What determines whether your child school is open this fall? Apparently, the strength of the teachers local union. That was what analysts found using data on school openings and the relative strength of those school districts’ unions.
Corey A. DeAngelis, director of school choice at free market Reason Foundation, and Christos A. Makridis, assistant research professor at Arizona State University, based their findings on reporting from the trade publication Education Week. They found that every percentage point of teacher union membership at the state level corresponded with a 1.5 percent point lower chance that a school district would offer in-person instruction this fall. States that had right-to-work laws, which are associated with weaker unions, were 14 percent more likely to offer in-person classes than states that didn’t have the laws.
For example, non-right to work New York, which has an overall unionization rate of 24 percent, is not opening any of its 21 school districts to in-person instruction. By contrast, right-to-work Florida, which has a unionization rate of 6.8 percent, will have 80 percent of its districts open.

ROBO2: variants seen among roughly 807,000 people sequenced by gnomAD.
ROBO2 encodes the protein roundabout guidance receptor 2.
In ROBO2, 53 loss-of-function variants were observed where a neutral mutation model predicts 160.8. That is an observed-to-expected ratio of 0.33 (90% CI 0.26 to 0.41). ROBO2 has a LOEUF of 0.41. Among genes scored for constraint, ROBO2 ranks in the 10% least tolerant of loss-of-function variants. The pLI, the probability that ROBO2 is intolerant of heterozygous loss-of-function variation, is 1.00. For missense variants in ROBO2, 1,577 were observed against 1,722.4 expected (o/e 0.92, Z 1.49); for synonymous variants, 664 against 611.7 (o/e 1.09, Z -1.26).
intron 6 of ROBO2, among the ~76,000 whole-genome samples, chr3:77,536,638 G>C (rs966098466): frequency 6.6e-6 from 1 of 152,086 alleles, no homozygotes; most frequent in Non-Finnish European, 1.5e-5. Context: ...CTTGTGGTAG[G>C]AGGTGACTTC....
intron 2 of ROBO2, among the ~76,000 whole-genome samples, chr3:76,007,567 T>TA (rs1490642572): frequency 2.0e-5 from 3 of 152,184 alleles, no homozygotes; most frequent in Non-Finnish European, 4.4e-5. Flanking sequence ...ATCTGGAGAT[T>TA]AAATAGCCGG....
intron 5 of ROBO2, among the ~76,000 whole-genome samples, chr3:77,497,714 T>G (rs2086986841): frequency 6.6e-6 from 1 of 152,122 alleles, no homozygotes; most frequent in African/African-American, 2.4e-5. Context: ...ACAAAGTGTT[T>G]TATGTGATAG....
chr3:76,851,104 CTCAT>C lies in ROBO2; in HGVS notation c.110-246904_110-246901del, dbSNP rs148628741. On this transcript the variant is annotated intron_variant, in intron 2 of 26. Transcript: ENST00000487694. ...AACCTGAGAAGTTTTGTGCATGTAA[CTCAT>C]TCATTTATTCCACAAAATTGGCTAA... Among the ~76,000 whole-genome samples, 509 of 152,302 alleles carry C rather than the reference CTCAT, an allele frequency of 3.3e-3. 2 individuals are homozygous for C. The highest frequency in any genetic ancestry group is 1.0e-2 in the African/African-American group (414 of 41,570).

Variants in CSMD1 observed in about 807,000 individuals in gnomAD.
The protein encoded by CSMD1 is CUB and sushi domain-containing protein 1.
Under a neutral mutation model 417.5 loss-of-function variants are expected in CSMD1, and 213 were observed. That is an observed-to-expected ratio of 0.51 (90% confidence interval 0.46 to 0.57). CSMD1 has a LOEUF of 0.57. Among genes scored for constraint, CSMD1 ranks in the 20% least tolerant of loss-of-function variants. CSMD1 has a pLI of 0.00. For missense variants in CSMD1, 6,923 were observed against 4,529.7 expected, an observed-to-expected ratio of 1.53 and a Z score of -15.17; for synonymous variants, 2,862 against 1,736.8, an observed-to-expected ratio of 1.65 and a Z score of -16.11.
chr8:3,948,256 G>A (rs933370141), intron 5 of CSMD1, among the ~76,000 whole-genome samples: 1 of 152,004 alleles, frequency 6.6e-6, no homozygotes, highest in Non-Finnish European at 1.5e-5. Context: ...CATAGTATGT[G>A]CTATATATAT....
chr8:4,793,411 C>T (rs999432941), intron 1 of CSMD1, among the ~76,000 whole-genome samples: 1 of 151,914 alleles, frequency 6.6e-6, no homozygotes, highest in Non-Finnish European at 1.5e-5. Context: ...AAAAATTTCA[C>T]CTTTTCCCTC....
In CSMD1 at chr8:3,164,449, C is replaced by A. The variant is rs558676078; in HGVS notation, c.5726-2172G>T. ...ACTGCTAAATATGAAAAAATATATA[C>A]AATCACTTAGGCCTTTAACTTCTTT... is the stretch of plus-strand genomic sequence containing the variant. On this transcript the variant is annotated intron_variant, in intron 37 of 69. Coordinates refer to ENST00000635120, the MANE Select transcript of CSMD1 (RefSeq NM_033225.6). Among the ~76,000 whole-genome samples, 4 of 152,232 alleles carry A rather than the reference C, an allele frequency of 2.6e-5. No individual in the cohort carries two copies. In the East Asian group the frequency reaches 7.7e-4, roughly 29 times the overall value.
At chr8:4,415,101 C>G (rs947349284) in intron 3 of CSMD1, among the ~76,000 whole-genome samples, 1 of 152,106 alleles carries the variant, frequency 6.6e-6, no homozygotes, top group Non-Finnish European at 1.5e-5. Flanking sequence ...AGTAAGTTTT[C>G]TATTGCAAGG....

“These results are remarkably consistent across various analytic models and even after controlling for differences in county demographics, including age, gender, marital status, race, population, education, political affiliation, household income and COVID-19 cases and deaths per capita,” DeAngelis and Makridis noted in an op-ed for the New York Post.
Teacher’s unions have been adamant about not reopening schools until they are as safe as possible. The unions argue they are just trying to protect their members and their students. Fair enough. Sticking up for its members is what a union is supposed to do, after all. They are not the ones involved in this equation, though. Parents, children, and taxpayers are too. Let’s hope their voices carry weight too.